First, let’s begin with a look at the latest White House state reports that were finalized last Friday but released to the public yesterday.
For new case rate per 100,000
Best states: AR, OK, CA, HI, KS
Worst states: MI, NJ, NY, CT, RI
29 states + DC in the red zone (+2 compared to last week)
Best states: CA, HI, AR, NM, RI
Worst states: MI, PR, SD, NJ, PA
4 states in the red zone (+3 compared to last week)
COVID-19 hospital admission rates per 100 beds.
Best states: HI, WY, MS, AR, ME
Worst states: MI, NJ, MD, NY, CT
1 state in the red zone (+1 compared to last week)
COVID-19 death rates per 100,000
Best states: AK, ND, MT, NE, HI
Worst states: GA, WV, NY, MA, NJ
11 states in red zone (-5 compared to last week)
Vaccinations - as of last Friday when the report was produced, 30.7% Americans had received at least one dose of the vaccine. As of today, the number is 32.6%.
Top 5: NM, NH, CT, and SD is tied with ME
Bottom 5: PR, AL, GA, MS, and TN is tied with IN
The map and graph below show community transmission ratings. You want to be in the blue or yellow categories for this. The table on the bottom of the image below shows you how the state doing this week relative to last week. The graph on the right is sort of a pie chart that trends over time, showing you the percentage of counties that were red, orange, yellow or blue over time. This week there seems to be improvement with fewer red and orange counties getting better and more yellow counties.
I’ve been doing a LOT of public speaking lately to increase awareness and confidence in the COVID-19 vaccines. Yesterday I was featured in a webinar hosted by Christy Brown of Launchpad2x, a women’s entrepreneurial organization and you can view it here with the pass code, 4K1gz!DR.
The Georgia Department of Public Health is getting into the public outreach effort too. Yesterday they uploaded a new PSA to their YouTube channel to encourage Georgians to get vaccinated.
The Georgia DPH vaccine dashboard is back with improvements. They have mapped and graphed vaccinations by county of residence rather than county of administration. We now are able to see county-level demographic data on vaccine recipients by age, sex and race. However, I will add a caveat that if a person’s county of residence was not entered, then they are not included in the county-level data but only in the state-level data. Just be advised that the county level data may not be a totally accurate depiction of vaccination levels in the area. You can find the demographic data in the upper right of the dashboard. It is set to state-level data as a default. You can explore county level data using the drop down menu in the upper right corner.
It’s improvement to have demographic data at a state and county level, but there’s some confusing things here too that will hopefully improve in the coming days. For example, consider the state level sex data provided below. I think the top section (pie chart) may actually be proportion of RECIPIENTS with at least one dose by sex. Reason being that 1,587,170 females + 1,176,186 males + 57,601 unknown does not equal the state population for Georgia (10.6 million people).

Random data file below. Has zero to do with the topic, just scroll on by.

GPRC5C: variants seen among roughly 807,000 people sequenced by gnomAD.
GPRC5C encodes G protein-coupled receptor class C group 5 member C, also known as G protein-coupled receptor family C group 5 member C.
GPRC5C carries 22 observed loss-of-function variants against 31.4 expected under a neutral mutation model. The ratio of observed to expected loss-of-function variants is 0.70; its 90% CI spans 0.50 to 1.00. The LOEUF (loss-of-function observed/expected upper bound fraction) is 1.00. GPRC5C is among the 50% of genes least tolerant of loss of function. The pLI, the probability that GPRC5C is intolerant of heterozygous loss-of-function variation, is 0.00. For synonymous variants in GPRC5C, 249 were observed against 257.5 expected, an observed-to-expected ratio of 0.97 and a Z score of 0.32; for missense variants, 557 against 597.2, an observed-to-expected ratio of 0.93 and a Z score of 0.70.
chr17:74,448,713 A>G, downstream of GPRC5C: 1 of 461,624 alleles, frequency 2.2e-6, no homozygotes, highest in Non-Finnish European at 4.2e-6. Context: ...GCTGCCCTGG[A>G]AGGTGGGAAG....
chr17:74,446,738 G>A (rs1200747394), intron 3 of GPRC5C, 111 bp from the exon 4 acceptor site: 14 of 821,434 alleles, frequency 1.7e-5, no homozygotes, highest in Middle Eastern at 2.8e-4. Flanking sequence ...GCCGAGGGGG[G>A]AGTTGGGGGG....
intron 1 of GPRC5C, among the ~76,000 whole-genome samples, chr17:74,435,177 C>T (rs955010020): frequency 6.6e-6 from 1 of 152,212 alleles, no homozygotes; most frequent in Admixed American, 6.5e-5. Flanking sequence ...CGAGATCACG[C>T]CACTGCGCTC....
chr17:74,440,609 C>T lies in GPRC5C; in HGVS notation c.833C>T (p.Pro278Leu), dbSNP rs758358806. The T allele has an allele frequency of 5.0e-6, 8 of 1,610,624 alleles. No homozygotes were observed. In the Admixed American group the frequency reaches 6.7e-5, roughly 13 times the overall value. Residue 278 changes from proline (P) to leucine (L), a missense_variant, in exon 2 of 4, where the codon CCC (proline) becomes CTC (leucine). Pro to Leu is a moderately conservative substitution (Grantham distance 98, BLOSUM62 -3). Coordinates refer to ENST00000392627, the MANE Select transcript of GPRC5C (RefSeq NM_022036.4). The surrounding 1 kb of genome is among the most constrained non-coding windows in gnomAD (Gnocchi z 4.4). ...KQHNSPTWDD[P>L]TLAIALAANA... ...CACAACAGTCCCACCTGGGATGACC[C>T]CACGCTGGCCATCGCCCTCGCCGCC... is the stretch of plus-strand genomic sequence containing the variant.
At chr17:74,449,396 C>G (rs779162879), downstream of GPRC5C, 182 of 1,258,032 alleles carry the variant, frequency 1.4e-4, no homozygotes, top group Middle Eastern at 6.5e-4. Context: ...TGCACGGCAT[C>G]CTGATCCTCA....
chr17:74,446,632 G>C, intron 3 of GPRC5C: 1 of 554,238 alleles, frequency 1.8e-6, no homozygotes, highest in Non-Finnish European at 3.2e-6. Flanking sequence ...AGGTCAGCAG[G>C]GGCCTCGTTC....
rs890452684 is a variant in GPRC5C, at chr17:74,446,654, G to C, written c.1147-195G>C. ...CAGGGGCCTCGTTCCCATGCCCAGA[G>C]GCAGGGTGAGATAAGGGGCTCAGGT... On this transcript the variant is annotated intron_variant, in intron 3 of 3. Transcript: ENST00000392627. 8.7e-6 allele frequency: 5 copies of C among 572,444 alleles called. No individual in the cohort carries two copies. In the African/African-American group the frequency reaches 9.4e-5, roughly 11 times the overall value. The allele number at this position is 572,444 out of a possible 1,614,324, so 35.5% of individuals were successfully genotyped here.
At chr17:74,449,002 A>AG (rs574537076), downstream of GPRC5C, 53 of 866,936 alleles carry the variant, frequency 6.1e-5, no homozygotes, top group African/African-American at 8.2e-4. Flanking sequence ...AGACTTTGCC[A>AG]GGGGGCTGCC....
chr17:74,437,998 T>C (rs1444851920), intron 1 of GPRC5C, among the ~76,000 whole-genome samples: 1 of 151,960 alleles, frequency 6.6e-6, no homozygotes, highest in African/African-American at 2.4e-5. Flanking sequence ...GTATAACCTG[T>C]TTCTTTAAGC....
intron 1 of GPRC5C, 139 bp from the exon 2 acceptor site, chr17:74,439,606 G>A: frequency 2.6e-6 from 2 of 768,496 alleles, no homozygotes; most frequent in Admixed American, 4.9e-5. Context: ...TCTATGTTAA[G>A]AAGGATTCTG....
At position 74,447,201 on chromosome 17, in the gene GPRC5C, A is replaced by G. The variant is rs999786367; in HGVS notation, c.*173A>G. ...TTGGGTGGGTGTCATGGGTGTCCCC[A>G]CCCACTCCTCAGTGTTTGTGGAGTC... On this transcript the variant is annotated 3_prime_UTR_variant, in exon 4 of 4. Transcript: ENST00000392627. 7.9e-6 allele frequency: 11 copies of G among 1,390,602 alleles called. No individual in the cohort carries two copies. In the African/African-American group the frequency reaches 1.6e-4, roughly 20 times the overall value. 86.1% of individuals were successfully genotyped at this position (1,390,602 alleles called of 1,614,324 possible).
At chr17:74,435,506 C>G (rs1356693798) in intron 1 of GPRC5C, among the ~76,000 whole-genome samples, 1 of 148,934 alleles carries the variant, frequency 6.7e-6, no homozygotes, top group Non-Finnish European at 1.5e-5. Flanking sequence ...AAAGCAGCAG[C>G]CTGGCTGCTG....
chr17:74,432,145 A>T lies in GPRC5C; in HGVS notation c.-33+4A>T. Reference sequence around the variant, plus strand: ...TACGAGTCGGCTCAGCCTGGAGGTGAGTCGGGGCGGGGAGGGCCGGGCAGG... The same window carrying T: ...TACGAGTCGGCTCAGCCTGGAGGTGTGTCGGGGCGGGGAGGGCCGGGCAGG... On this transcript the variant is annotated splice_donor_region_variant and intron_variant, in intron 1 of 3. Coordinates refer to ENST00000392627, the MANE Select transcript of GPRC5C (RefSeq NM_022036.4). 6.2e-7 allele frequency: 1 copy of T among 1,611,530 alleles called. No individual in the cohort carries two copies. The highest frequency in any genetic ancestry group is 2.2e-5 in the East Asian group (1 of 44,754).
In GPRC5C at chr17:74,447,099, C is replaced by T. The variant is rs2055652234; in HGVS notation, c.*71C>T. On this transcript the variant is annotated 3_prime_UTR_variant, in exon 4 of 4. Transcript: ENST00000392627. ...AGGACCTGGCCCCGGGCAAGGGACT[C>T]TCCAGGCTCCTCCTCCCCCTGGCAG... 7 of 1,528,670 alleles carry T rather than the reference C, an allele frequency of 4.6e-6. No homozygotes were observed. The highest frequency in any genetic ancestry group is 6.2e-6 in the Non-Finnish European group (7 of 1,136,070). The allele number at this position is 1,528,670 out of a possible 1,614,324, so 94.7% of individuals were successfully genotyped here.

The bottom section may suffer from the same problem: we don’t know what they’re measuring. First, it doesn’t match the breakdown in the pie chart that shows over 50% of vaccine recipients are female. Is it assessing how much of the total female or male population in Georgia has received at least one dose? I don’t think this is likely either because CDC data tell us that only 25.7% of the Georgia population has received at least one dose as of 05Apr. The whole demographic section kind of has this problem, regardless which tab you’re on - it’s unclear what they’re measuring or how to read or interpret the data provided. And if I’m confused about it, I imagine the public will struggle even more.
New data resource
I was also made aware of a new data source for vaccines delivered to each state with respect to which vaccine providers got the vaccines. The US Department of Health and Human Services is really doing a lot in the way of data transparency. The data are available for download and I’ve included a screenshot of those data below, ranked according to Overall Administration Ratio: Unadjusted. As of 01Apr, Georgia had received 6,181,185 vaccine doses, and 4,835,545 of those went to the state government. Other doses were sent to the federal retail pharmacy program, and other programs that are outside of DPH control.
I’ve always been confused why the state says that they’ve used something like 79-80% of the doses they’ve received when the HHS says the number is in the 60s. For the data reported by DPH on 01Apr, the doses administered that day nearly matches the federal number, the DPH number is 98% of the HHS number and that remaining 2% may be explained by reporting lags. It makes sense that these numbers would nearly match, since doses administered anywhere in the state of Georgia are supposed to be reported into GRITS, under state control. However, it’s possible that the state and the federal government are using different denominators to calculate the percent of doses administered. And that isn’t really an apples to apples comparison.
In other words, the DPH fraction looks like
(all doses administered by all vaccine providers) / doses received by DPH = 81%
Whereas the feds are using
(all doses administered by all vaccine providers) / doses received by all vaccine providers = 64%
81% is closer to what DPH and the Governor’s office report to us on a regular basis. This doesn’t necessarily mean something nefarious is happening. After all, the DPH can only track the doses it knows about in terms of deliveries, even if it is claiming all of the doses administered - regardless who administered them. But I think what this confirms for us is that the DPH / Governor’s office data are not the complete data set and we really shouldn’t rely on that to grade how the state is doing. Whereas the federal government is showing us the receipts of where the doses went, we aren’t seeing that same degree of transparency from the state. So if you had to choose a data set to use to track vaccination progress, I really think we need to go with the federal data set. It is complete and more accurately reflects the situation in Georgia. And what the federal data show us is that Georgia and other southern states are really struggling with getting vaccines out efficiently. The US territories of American Samoa, Guam and Palau are making more efficient use of their vaccine supply than Georgia, Alabama and Mississippi.